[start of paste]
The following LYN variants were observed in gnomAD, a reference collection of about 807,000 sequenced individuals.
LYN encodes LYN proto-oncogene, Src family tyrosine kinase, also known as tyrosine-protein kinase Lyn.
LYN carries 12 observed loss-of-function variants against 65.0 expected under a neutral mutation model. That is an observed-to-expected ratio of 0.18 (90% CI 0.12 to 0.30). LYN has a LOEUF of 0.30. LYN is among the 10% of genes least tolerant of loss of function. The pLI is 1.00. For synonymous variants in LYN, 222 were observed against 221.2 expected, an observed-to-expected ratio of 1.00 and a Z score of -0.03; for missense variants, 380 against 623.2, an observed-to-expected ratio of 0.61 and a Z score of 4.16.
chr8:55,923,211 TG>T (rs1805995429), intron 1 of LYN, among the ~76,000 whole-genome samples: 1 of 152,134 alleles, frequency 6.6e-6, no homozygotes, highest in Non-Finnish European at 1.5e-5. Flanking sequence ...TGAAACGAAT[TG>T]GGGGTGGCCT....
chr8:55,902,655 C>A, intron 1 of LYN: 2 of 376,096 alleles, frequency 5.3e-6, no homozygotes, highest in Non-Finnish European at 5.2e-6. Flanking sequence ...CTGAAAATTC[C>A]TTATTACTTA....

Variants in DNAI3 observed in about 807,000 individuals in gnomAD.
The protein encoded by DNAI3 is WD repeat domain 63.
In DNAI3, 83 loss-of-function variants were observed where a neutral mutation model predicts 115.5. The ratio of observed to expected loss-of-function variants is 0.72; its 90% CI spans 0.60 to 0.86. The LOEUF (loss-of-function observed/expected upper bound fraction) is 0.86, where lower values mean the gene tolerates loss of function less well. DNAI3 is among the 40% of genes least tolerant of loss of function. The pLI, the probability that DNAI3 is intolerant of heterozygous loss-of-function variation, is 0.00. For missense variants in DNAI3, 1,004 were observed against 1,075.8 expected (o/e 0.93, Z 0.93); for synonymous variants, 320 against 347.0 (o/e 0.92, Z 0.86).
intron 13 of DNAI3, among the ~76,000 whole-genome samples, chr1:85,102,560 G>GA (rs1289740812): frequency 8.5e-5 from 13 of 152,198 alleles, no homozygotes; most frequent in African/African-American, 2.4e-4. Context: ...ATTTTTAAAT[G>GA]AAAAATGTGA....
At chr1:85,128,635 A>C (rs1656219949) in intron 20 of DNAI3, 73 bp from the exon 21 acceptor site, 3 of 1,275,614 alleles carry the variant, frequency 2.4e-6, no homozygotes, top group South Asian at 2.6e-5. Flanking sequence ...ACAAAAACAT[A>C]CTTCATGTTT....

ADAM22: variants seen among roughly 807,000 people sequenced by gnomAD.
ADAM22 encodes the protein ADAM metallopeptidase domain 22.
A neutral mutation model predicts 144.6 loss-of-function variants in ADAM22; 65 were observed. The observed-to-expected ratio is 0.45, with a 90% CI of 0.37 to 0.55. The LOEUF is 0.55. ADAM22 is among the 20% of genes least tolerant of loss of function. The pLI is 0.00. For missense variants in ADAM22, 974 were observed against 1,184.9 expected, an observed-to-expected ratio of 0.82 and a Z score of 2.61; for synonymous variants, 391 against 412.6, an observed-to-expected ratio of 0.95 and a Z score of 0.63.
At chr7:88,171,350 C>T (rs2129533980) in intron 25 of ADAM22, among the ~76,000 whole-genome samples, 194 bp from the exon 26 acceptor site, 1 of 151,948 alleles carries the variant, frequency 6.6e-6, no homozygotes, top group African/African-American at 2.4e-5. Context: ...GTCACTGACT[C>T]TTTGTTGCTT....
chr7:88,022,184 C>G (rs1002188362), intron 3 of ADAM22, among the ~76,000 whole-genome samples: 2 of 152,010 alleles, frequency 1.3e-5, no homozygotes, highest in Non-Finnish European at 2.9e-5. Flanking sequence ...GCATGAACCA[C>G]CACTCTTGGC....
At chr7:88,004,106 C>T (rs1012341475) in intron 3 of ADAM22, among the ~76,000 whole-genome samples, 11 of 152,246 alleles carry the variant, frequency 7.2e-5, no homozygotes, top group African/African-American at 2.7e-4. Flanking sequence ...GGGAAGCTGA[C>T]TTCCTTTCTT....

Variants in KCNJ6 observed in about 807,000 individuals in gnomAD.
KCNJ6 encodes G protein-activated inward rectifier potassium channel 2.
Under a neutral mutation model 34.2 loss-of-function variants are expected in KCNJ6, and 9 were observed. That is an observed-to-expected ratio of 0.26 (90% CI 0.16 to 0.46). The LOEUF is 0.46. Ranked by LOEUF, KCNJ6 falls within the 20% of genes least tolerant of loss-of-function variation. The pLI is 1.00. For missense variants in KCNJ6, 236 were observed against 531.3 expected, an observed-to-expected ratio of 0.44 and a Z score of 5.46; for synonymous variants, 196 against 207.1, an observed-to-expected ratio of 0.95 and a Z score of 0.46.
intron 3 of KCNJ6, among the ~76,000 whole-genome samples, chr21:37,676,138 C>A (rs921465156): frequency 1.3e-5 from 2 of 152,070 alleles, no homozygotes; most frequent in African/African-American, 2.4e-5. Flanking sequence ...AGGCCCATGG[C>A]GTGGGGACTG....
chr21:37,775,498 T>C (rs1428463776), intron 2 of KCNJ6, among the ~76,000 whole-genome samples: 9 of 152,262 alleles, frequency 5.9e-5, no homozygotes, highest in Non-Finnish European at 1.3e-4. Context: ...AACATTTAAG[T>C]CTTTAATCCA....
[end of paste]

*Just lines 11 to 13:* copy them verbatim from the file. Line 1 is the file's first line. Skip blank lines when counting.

ADAM22: variants seen among roughly 807,000 people sequenced by gnomAD.
ADAM22 encodes the protein ADAM metallopeptidase domain 22.
A neutral mutation model predicts 144.6 loss-of-function variants in ADAM22; 65 were observed. The observed-to-expected ratio is 0.45, with a 90% CI of 0.37 to 0.55. The LOEUF is 0.55. ADAM22 is among the 20% of genes least tolerant of loss of function. The pLI is 0.00. For missense variants in ADAM22, 974 were observed against 1,184.9 expected, an observed-to-expected ratio of 0.82 and a Z score of 2.61; for synonymous variants, 391 against 412.6, an observed-to-expected ratio of 0.95 and a Z score of 0.63.